Alexander von Rospatt is Professor and current Chair of South & Southeast Asian Studies at UC Berkeley. He received his B.A. from the School of Oriental and African Studies (University of London) in 1985, and his M.A. (1988), Ph.D. (1993) and Habilitation (2000) at the University of Hamburg. He specializes in the doctrinal history of Indian Buddhism, and in Newar Buddhism. His first book (Stuttgart, 1995) sets forth the development and early history of the Buddhist doctrine of momentariness. A new book manuscript deals with the periodic renovations of the Svayambhu Stupa of Kathmandu. Based on Newar manuscripts and several years of fieldwork in Nepal, he reconstructs the ritual history of these renovations and their social contexts. His current research project is on life cycle rituals of old age among the Newars.

Robert Sharf is Professor of Buddhist Studies in the Department of East Asian Languages and Cultures at UC Berkeley. He works primarily in the area of medieval Chinese Buddhism, but he also dabbles in Japanese Buddhism, Buddhist art, ritual studies, and methodological issues in the study of religion. He is the author of Coming to Terms with Chinese Buddhism: A Reading of the Treasure Store Treatise (2002), co-editor of Living Images: Japanese Buddhist Icons in Context (2001), and is currently working on a book tentatively titled "How to Read a Zen Koan." In addition to his appointment in EALC, he serves as Chair of the Center for Buddhist Studies and Director of Religious Studies at UC Berkeley.

Koichi Shinohara is Senior Lecturer of Religious Studies at Yale University. Before coming to Yale in 2004 he taught at McMaster University in Ontario, Canada. For the past several years his work has centered around the writings of an influential commentator on monastic practices and historian Daoxuan (596-677) and his collaborator Daoshi (d.u.) at the Ximingsi monastery in the capital city. He has also examined in some detail the evolution of the cult of Buddha images attributed to King Asoka and worked on Tiantai Buddhist biographies, exploring the religious and political circumstances surrounding the composition of the biography of the founding figure of the school Zhiyi (539-98) and the way lineages of abbots at local monasteries were transformed into a Buddhist universal history by 12th-century Tiantai Buddhist historians. He is currently working on a project on the presentation of Buddhist culture in the 7th-century Chinese anthology, Fauyuan zhulin, and the impact of esoteric ritual on miracle stories in China and Japan.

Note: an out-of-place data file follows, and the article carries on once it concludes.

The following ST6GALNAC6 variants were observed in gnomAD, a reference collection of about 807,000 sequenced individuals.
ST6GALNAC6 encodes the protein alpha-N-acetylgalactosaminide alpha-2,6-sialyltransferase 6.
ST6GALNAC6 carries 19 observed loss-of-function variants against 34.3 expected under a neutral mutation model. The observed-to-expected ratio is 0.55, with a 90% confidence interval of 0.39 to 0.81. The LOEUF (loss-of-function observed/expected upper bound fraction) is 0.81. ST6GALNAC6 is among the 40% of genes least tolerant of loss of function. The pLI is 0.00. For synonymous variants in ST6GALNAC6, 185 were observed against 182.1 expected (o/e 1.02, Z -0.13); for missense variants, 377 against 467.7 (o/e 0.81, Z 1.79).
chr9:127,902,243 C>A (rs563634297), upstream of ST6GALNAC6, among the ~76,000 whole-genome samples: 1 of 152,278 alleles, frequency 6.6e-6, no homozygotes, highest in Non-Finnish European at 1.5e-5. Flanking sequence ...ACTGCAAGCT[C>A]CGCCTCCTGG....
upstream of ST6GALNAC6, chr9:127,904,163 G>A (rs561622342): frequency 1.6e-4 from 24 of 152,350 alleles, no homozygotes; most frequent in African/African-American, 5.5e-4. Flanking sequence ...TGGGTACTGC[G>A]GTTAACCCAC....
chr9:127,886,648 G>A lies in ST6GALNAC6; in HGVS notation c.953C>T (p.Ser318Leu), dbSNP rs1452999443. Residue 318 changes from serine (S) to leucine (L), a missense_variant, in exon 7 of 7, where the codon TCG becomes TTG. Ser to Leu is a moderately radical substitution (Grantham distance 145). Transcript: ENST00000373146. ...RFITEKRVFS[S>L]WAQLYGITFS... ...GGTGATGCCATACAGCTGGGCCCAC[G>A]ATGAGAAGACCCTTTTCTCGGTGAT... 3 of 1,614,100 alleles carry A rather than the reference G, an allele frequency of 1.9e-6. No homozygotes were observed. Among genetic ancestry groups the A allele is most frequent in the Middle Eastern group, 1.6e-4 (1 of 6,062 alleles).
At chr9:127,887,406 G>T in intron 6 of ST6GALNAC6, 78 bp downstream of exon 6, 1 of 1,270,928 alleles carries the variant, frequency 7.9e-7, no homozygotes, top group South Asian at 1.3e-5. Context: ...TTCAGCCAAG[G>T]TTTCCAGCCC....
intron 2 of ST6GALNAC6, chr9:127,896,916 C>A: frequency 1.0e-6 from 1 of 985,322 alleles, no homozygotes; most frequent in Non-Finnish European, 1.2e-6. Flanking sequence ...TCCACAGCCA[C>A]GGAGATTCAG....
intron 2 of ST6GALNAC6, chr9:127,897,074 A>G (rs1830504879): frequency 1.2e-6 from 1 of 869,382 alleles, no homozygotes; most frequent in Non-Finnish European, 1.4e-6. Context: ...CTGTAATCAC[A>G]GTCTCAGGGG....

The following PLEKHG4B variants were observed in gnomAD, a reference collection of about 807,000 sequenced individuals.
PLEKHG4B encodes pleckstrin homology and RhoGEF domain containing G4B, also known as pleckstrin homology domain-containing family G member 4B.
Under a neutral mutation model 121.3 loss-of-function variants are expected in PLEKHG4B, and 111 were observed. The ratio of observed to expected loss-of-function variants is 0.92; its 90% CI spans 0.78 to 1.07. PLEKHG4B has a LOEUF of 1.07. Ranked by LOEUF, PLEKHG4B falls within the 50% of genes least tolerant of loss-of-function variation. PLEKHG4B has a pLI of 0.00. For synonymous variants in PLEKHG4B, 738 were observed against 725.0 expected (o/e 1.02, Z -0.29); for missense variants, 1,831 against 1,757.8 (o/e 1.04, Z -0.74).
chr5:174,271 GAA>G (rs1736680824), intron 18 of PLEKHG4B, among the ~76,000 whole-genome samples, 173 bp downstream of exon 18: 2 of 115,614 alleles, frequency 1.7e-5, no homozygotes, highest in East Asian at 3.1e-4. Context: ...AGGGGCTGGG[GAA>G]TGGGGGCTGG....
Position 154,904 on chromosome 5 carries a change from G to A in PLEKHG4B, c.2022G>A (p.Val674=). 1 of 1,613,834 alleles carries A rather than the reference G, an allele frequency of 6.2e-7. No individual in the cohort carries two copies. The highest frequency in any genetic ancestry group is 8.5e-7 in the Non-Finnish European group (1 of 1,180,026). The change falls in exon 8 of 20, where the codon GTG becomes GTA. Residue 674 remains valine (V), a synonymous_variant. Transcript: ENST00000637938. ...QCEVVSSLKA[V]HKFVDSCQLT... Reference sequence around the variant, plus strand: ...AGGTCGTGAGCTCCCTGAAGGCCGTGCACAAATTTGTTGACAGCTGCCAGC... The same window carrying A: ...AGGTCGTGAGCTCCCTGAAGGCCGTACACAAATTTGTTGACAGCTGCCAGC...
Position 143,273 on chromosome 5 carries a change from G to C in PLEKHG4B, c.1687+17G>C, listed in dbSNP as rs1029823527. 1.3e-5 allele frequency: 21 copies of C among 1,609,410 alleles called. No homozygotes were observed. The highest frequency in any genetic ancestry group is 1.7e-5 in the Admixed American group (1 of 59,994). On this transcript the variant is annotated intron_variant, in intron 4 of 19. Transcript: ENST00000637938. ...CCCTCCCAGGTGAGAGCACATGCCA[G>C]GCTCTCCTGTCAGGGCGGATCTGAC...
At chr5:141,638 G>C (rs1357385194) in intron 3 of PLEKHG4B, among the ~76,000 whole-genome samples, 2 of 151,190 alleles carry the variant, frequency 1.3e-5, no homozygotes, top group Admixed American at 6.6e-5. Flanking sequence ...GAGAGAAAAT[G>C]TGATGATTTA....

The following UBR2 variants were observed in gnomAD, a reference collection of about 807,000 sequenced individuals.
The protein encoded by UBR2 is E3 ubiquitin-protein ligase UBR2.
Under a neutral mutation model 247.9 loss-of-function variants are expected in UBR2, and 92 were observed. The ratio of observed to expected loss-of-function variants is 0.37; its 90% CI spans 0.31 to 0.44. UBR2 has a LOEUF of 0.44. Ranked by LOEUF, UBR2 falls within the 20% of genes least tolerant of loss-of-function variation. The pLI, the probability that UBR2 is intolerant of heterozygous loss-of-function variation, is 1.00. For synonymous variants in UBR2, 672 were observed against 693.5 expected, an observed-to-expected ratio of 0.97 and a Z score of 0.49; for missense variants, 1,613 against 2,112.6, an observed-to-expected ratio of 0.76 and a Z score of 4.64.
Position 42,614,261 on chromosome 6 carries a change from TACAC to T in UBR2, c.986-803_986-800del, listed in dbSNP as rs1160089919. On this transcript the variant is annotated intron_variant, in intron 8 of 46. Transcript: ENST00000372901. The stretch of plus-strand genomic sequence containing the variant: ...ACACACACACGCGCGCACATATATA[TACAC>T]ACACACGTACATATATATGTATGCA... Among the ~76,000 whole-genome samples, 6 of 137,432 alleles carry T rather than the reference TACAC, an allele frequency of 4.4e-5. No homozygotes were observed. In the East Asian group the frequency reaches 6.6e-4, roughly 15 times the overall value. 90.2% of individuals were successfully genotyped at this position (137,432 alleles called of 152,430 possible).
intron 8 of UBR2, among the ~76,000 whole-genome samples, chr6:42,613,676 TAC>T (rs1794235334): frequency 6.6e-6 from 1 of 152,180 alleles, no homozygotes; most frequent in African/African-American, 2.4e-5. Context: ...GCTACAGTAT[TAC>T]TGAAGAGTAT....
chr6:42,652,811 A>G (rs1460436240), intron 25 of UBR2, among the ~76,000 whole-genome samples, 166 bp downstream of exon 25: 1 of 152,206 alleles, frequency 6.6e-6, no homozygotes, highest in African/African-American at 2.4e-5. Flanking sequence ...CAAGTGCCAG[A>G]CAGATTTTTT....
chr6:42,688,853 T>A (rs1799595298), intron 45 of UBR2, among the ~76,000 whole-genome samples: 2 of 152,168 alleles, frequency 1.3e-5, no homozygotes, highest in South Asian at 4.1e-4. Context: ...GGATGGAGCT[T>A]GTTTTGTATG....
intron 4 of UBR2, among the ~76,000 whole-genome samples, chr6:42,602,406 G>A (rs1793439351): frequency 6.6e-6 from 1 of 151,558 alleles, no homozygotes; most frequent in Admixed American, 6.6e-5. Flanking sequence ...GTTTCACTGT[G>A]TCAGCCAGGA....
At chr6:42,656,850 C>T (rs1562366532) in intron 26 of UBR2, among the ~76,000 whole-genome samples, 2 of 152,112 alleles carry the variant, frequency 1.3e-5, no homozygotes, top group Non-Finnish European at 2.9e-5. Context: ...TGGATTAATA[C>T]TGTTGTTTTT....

Tadeusz Skorupski is a Reader in Buddhist Studies at SOAS, University of London. His academic competence in Buddhist Studies covers history, doctrines, scriptures, iconography, and rituals. Some of his publications include: Body, Speech and Mind: Buddhist Art from Tibet, Nepal, Mongolia and China (1998); (with G. Dorje, T. Nima) An Encyclopedic Tibetan-English Dictionary (2001); Kriyasamgraha: Compendium of Buddhist Rituals (2002); editor of Buddhica Britannica Series (vols. 1-10) and The Buddhist Forum (vols. 1-6).

Duncan Ryuken Williams is Associate Professor of Japanese Buddhism in the Department of East Asian Languages and Cultures at UC Berkeley, as well as Chair of Berkeley's Center for Japanese Studies. He received his B.A. in Religious Studies at Reed College (1991), his M.T.S. at Harvard Divinity School (1993), and his Ph.D. in Religion at Harvard University (2000). He works primarily on Japanese Buddhist history, Buddhism and environmentalism, and American Buddhism. He is the author of The Other Side of Zen: A Social History of Soto Zen Buddhism in Tokugawa Japan (Princeton, 2005), translator of four Japanese books, and editor of three volumes including American Buddhism (Curzon, 1999) and Buddhism and Ecology (Harvard, 1997). He is currently completing a manuscript entitled "Camp Dharma: Japanese-American Buddhism and the World War Two Incarceration Experience" (forthcoming, UC Press) and an edited volume, "Issei Buddhism in the Americas: The Pioneers of the Japanese-American Buddhist Diaspora." His next project focuses on Buddhism and bathing practices in Japan through the themes of healing and purification.